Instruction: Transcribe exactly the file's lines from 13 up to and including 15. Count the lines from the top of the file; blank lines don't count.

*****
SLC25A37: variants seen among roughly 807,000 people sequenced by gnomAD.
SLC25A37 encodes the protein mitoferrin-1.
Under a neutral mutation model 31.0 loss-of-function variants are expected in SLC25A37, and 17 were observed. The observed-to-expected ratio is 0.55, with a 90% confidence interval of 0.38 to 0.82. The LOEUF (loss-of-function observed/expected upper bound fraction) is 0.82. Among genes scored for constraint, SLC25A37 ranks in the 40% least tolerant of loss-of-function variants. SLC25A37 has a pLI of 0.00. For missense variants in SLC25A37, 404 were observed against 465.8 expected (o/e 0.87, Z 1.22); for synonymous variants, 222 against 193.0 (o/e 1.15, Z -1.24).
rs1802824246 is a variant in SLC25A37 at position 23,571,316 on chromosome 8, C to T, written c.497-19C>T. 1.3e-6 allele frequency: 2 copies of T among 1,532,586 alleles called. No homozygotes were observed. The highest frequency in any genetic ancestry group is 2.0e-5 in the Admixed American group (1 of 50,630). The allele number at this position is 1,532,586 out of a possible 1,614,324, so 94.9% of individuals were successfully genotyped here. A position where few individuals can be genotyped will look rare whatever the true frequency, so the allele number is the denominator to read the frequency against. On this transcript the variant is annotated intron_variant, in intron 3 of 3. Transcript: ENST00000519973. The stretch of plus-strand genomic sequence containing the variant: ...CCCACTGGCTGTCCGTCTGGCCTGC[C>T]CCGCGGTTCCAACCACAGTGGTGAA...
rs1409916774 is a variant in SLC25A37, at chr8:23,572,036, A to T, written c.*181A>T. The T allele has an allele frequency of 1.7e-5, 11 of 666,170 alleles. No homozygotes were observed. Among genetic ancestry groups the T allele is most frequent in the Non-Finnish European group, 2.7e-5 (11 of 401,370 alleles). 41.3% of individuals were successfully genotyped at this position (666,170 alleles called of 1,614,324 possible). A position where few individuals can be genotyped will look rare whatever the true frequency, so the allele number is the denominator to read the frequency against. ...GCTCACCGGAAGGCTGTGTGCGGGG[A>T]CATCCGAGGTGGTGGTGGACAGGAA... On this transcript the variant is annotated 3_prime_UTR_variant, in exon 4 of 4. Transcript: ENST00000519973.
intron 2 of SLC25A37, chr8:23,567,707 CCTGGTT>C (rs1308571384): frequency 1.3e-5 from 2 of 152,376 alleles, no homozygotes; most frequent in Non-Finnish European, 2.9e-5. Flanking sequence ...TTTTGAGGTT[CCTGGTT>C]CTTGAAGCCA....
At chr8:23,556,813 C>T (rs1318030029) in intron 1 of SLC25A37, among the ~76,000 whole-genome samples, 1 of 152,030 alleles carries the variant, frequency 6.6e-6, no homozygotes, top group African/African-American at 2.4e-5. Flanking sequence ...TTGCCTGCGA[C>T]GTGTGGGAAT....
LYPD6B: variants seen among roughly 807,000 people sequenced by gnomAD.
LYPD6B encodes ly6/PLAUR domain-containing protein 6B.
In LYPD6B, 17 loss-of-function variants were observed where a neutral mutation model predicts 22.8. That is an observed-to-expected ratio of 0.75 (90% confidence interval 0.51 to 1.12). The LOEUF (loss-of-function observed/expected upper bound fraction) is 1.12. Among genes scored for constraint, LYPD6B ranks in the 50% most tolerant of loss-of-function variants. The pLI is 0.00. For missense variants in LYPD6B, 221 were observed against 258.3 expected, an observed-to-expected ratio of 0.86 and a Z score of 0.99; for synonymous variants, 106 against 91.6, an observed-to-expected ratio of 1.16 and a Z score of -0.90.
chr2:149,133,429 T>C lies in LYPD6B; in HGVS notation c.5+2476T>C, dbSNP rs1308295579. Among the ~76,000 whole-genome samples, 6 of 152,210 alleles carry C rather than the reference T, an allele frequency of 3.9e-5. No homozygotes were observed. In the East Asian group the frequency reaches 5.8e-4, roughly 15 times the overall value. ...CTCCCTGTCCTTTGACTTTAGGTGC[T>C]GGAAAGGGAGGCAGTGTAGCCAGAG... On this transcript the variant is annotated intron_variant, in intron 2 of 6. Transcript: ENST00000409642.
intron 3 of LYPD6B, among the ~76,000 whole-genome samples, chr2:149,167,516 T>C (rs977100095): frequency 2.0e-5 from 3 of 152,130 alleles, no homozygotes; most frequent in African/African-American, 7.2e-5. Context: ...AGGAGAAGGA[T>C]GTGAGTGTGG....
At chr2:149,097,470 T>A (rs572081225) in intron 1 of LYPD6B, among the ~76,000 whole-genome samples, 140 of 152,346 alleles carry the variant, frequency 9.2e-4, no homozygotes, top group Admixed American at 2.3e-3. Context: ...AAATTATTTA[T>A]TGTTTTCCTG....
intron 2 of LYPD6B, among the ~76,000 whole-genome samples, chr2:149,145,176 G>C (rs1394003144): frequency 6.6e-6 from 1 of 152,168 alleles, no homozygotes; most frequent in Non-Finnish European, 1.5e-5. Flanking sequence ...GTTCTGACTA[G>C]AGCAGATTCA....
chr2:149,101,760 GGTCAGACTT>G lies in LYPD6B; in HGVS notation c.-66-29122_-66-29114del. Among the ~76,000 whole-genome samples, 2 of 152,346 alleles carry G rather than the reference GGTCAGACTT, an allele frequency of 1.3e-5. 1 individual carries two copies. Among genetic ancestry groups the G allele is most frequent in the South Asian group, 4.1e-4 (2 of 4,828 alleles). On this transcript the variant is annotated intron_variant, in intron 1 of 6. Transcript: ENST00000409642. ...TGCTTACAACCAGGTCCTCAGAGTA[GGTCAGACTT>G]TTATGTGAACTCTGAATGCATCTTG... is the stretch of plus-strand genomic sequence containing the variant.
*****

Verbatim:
At chr2:149,097,470 T>A (rs572081225) in intron 1 of LYPD6B, among the ~76,000 whole-genome samples, 140 of 152,346 alleles carry the variant, frequency 9.2e-4, no homozygotes, top group Admixed American at 2.3e-3. Context: ...AAATTATTTA[T>A]TGTTTTCCTG....
intron 2 of LYPD6B, among the ~76,000 whole-genome samples, chr2:149,145,176 G>C (rs1394003144): frequency 6.6e-6 from 1 of 152,168 alleles, no homozygotes; most frequent in Non-Finnish European, 1.5e-5. Flanking sequence ...GTTCTGACTA[G>C]AGCAGATTCA....
chr2:149,101,760 GGTCAGACTT>G lies in LYPD6B; in HGVS notation c.-66-29122_-66-29114del. Among the ~76,000 whole-genome samples, 2 of 152,346 alleles carry G rather than the reference GGTCAGACTT, an allele frequency of 1.3e-5. 1 individual carries two copies. Among genetic ancestry groups the G allele is most frequent in the South Asian group, 4.1e-4 (2 of 4,828 alleles). On this transcript the variant is annotated intron_variant, in intron 1 of 6. Transcript: ENST00000409642. ...TGCTTACAACCAGGTCCTCAGAGTA[GGTCAGACTT>G]TTATGTGAACTCTGAATGCATCTTG... is the stretch of plus-strand genomic sequence containing the variant.